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Thread: Accurizing C308 CETME - Process over time

  1. #11
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    THE PLOT THICKENS.

    Went back to the range yesterday with some buddies. We messed around mostly with pistols at first, but the main event was 200 yards with precision rifles.
    Given that I still don't have a good way to attach a bipod, I was shooting off of a Nylon sack full of empty cartridge boxes and a rolled-up jacket.

    Initially I couldn't hit the broad side of the barn with either the wood or resin foregrip on any of the ammunition I brought. This was obviously quite upsetting. Except once the barrel started to get fouled, I noticed my 168gr ammunition went *right* back to shooting 2/3 MOA groups.

    The reason this is interesting is because my 4-5MOA groups with the bipod attached earlier were also done using a clean barrel.

    This weekend's 200 yard group using the very interesting and surprisingly hot new PMC X-TAC 168gr match-grade ammunition:

    aug 16 200y subMOA group.jpg

    I do feel like it's entirely practical to get the gun under 1/2MOA with an actual support of some kind, a little more practice, and maybe a well-developed handload. As of right now I'm confident calling this a reliable 2/3MOA gun though, which is... Surprising, to say the least. This is not what I expected when I paid $569.99 for a Century Arms rifle sight unseen on the internet.

  2. #12
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    Another amusing story.
    I got a hunch that maybe it was dumb to trust that CAI knows to use fresh mainsprings in their guns and ordered a fresh one for like $8 along with parts to do a blind pin pin paddle release installation for another ~12.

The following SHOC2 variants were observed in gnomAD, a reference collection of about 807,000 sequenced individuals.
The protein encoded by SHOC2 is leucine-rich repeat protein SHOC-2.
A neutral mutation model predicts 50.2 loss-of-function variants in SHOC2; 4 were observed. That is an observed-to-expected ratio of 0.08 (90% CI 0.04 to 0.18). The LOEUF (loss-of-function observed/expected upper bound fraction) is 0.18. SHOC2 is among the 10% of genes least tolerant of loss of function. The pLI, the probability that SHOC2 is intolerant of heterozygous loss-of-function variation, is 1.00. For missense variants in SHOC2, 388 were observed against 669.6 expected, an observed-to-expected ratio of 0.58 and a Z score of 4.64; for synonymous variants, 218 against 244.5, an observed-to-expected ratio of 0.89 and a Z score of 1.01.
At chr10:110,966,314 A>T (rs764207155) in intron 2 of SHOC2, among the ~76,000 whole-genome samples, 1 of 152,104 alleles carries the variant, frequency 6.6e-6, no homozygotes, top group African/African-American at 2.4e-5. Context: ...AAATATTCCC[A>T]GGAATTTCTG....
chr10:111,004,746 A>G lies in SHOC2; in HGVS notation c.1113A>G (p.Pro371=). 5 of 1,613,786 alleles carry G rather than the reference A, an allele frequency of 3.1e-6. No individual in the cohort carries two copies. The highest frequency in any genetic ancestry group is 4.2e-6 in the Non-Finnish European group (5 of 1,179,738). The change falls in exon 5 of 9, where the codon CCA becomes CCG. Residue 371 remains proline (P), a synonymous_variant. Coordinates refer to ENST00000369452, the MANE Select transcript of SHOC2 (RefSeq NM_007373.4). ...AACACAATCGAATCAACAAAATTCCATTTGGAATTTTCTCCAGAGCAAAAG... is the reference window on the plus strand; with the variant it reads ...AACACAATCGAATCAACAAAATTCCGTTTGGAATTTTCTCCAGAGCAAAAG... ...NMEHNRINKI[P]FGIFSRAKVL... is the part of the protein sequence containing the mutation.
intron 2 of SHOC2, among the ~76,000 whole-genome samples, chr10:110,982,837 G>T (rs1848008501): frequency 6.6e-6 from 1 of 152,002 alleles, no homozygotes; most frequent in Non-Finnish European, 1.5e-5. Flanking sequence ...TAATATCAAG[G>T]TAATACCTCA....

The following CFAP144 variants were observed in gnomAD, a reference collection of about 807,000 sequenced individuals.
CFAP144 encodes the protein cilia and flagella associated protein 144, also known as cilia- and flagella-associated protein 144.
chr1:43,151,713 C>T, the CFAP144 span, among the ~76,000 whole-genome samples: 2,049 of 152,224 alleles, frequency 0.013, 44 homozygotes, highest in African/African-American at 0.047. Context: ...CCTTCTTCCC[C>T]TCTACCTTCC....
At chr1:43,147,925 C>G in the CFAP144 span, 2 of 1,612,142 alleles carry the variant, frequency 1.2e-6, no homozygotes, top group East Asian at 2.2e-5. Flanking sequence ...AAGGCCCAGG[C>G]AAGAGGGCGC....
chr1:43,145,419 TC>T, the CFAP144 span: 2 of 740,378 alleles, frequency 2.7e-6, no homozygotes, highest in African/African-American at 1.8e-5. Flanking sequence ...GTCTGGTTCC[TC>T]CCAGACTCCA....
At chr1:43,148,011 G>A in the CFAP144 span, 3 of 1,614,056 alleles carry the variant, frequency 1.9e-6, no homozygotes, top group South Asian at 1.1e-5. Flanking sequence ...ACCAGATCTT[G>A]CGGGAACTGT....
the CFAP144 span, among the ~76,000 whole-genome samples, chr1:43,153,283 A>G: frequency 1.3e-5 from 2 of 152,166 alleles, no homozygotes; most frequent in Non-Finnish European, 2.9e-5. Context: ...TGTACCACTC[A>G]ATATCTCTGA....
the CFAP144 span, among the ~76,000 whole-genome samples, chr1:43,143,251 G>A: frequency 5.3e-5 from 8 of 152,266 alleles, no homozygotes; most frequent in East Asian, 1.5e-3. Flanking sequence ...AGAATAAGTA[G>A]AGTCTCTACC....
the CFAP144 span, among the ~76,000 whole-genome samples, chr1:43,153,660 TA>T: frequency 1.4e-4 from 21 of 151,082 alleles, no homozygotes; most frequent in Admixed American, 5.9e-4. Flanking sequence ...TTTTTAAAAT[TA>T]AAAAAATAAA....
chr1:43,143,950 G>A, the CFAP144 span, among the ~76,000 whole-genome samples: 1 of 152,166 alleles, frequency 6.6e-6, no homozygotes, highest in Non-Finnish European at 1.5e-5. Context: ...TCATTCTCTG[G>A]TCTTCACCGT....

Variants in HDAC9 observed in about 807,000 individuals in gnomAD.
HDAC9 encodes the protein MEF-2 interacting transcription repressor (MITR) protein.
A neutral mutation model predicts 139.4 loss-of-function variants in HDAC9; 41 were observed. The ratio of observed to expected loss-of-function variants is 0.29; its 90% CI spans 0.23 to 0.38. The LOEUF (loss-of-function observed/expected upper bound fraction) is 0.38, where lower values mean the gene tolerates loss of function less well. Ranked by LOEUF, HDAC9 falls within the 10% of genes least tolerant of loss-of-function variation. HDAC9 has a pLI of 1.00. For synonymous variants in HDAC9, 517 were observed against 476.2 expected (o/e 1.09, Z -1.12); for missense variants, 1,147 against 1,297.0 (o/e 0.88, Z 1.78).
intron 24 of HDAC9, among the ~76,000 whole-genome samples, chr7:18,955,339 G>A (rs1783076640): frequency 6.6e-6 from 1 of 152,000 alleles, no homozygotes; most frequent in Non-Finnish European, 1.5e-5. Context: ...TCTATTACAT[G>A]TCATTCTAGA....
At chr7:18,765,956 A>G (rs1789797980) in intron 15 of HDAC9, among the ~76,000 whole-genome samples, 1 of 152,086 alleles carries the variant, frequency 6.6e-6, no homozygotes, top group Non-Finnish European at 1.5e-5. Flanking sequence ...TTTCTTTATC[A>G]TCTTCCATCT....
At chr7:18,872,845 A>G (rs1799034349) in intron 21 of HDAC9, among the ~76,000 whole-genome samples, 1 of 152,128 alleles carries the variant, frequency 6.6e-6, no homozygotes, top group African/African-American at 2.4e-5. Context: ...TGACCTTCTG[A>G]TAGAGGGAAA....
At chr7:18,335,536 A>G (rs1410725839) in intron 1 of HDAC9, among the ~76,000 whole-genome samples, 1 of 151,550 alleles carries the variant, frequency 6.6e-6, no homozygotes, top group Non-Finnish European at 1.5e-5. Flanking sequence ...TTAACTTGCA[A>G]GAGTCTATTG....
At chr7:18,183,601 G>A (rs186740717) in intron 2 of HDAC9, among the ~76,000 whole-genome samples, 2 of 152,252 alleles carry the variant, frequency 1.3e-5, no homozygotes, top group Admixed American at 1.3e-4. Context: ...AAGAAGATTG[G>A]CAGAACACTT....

I think it was a good call, as the new spring is *substantially* stiffer. I predict this will reduce the gun battering the buffer, thereby reducing felt recoil. PROBABLY also have a marked effect on how chewed-up the brass is and how far it gets spat out.

    I'm also predicting a similar effect in improving consistency to the 40-degree wedge due to the increased forward pressure on the bolt.

    Every day I thank my lucky stars that whichever chimpanzee at Century assembled this seemed to only goof-up on the stuff that I haven't been able to repair.
    Next stop? Installing the paddle mag release.

  3. #13
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    I did a buffer study recently using both my Cetme pistol (10.5" barrel) and a standard Cetme with an original barrel. I thought I'd posted it here but maybe not. None of my recoil springs are new, just used kit springs. In the test I made buffer posts with many different lengths to see how far back the carrier came after firing and measured the distances. I even used different locking piece angles in the tests.